Willis Tower reconsidered: New photo exhibit examines the city’s tallest building

Willis Tower reconsidered: New photo exhibit examines the city’s tallest building

(Courtesy of Mark Ballogg)
Willis Tower, downtown’s 1,450 ft. stack of architecture, engineering, commerce and civic pride, turns 40 next year.
If you are of a certain age, that milestone might be as jarring as the fact that the Willis — the world’s tallest building as recently as 1998 — is soon to be “only” the eighth tallest building on the planet. (It gets worse: In China, Korea and Saudi Arabia, there are 11 buildings under construction that are all taller than Willis.)
But reflection often comes at 40. The tower and its history and impact are likely to be re-examined and revisited in the years to come. One such look began this month: a free exhibition of 25 large-scale photographs of the tower, made by architectural photographer Mark Ballogg, that is now on display in the lobby of the Willis.
Called Willis Tower: Look Up, Look Down, Look Around, the exhibit not only documents the tower and its lobbies, but it shows how the building looms — almost omnipresent — over the city’s landscape. On the eve of the exhibit’s opening reception Thursday evening at the tower, Ballogg answered a few questions about his work and the building.

For decades, this was the building that symbolized Chicago. Does the tower still capture our imaginations the way it used to? Why or why not?

By virtue of its height, history and long standing presence in the Chicago skyline, I think that Willis Tower still commands the world’s attention as much today as it did in the past. Shortly after the World Trade Center was brought down, one of the the first buildings in the U.S. considered to be at risk was the Willis Tower. Thousands of worldwide tourists visit the Willis Skydeck for vistas that can’t be matched by any other building in Chicago. Obviously the rest of the world sees the Willis Tower as the building that represents Chicago.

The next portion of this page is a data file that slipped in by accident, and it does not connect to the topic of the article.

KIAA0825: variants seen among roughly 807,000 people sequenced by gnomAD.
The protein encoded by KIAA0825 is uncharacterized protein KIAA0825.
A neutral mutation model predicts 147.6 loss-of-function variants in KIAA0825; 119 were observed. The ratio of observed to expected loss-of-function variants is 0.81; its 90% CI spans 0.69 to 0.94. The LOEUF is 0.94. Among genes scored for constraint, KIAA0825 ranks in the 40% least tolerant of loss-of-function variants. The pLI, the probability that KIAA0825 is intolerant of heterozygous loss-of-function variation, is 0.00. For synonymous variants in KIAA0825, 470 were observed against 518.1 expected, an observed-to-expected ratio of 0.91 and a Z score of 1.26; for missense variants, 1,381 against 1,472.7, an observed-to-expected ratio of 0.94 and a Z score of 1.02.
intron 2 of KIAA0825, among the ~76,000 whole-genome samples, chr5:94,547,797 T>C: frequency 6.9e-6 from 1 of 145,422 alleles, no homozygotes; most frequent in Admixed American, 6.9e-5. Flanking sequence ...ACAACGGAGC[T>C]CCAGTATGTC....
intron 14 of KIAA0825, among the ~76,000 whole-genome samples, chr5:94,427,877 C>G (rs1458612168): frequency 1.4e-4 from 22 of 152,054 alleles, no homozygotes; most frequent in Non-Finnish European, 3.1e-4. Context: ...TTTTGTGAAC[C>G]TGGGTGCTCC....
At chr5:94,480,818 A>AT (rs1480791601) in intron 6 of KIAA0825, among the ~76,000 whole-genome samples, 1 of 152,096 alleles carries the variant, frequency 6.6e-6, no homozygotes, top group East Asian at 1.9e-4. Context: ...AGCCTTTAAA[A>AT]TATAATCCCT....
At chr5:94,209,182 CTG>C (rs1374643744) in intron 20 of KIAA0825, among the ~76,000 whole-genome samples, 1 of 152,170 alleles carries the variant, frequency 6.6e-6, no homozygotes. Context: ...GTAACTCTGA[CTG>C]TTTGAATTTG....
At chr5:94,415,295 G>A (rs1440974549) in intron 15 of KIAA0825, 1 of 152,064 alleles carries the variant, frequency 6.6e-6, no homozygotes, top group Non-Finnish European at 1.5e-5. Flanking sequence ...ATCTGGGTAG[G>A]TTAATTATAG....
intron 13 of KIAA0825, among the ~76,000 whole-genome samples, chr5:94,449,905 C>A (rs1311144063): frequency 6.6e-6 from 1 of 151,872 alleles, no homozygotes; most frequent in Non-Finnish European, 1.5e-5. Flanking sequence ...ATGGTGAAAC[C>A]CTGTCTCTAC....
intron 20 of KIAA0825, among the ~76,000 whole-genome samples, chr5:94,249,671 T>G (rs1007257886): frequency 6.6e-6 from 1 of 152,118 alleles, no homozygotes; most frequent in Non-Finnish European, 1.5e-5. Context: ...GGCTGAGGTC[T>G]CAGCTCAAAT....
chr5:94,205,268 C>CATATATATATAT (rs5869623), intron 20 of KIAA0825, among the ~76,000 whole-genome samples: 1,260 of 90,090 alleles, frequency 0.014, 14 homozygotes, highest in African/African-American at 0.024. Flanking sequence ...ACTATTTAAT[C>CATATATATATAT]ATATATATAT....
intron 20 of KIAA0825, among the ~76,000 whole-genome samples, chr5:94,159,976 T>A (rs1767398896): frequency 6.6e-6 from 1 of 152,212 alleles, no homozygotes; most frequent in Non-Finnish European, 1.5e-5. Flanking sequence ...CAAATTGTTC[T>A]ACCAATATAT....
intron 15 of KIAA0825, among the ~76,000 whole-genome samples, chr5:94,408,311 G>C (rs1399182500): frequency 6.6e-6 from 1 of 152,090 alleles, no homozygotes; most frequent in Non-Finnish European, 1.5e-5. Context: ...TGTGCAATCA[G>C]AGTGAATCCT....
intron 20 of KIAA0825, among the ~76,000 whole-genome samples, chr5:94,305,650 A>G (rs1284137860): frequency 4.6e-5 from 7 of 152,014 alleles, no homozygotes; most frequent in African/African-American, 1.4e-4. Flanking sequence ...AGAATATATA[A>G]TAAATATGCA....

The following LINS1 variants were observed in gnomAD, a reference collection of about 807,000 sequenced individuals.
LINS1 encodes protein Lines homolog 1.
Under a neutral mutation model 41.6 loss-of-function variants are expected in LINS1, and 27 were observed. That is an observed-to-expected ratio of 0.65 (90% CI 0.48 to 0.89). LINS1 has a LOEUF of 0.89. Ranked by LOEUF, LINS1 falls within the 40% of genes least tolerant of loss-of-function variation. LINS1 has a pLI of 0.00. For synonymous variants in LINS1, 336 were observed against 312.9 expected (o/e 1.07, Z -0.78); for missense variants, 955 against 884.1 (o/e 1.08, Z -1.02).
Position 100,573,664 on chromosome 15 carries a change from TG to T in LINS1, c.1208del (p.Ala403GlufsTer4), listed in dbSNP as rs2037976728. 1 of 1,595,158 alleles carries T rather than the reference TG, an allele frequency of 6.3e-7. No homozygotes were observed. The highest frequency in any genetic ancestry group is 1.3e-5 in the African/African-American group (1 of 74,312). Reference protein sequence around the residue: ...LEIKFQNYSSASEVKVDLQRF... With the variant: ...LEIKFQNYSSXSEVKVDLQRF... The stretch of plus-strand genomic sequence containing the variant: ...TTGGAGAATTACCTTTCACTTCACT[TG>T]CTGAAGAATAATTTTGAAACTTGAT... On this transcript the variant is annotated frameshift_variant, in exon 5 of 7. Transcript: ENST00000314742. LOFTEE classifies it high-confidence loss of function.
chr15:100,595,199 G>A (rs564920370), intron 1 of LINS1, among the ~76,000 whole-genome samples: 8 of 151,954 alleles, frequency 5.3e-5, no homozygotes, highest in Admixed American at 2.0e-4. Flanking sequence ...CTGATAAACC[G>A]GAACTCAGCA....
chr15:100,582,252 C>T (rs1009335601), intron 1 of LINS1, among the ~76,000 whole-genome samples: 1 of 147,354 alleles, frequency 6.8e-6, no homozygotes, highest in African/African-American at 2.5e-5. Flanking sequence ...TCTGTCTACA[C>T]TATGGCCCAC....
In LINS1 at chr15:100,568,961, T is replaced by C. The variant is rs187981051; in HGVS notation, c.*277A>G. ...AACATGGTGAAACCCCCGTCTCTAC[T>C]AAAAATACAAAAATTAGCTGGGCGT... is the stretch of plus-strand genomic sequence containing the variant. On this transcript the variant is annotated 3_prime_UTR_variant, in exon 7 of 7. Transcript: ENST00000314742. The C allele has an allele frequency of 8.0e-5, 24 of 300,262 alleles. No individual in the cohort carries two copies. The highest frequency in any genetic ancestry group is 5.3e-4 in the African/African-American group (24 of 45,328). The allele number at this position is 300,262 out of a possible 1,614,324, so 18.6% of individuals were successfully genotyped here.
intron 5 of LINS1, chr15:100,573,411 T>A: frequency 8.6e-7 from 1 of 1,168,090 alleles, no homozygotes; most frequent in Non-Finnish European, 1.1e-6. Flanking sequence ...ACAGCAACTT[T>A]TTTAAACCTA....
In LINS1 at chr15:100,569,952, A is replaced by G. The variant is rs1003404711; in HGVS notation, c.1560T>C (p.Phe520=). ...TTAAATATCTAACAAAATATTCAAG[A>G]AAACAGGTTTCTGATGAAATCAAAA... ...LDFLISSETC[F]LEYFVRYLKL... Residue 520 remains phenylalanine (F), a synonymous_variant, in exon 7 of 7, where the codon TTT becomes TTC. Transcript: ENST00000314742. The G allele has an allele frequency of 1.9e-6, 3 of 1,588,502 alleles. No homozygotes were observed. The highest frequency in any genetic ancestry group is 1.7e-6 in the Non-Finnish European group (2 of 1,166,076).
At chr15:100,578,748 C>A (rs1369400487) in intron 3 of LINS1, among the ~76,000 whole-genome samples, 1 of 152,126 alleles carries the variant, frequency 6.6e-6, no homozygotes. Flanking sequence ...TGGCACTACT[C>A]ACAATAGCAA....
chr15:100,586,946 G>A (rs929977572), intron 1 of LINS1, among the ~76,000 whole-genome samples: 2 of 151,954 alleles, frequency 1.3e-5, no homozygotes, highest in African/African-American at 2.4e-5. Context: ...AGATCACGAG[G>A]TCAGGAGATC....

The tower seems to have various personalities in your work. In many photos, it’s the giant icon. In others, [such as in the photos above and below] it’s in the backgroundbut very much there.

As I travel throughout the city and suburbs I am always surprised by the unexpected ways that the Willis Tower pops into view. Some of the images in the show are part of an ongoing personal project in which I shoot cityscapes that always feature the Willis Tower somewhere in the photo. It’s the juxtaposition of the Willis Tower as a secondary element within the urban context that fascinates me. This aspect adds to the iconographic importance of the Willis Tower.

(Courtesy of Mark Ballogg)

What’s the hardest thing about making photographs of a building this size? And what kind of equipment did you use?

I switched from 4x5 film to 35mm digital about http://www.balloggphoto.com/show.html years ago. I shoot primarily with a full frame Canon DSLR and have worked my way through various camera bodies over the years, starting with a EOS-1Ds Mark II and presently with an EOS-1D X. Lenses range from 14mm-200mm fixed and zoom. Equipment is just a tool that allows me to capture the images that best suit my intent. The height of the building has its disadvantages and advantages. It’s nearly impossible to shoot from the street level within a block radius but it becomes a dominant structure as the distance from the building increases.

(Courtesy of Mark Ballogg)

What do you hope people get out this exhibit? What will they discover?

Most importantly for all of my exhibitions, I hope that people are enthralled and surprised by my work and always discover something fresh with each viewing. For the work in this exhibition, I hope they get a sense of the Willis Tower’s commanding presence in the Chicago skyline and keep an eye out for it to pop into their view as they travel in and around the city.

What’s a good story about the tower that you’ve either heard or experiences yourself?

I recently read that the naming rights to the building expire in 2024 and the building could be renamed again. “Sears Tower,” anyone?

The opening reception begins at 5:30 p.m. in the Wacker Drive lobby of the tower.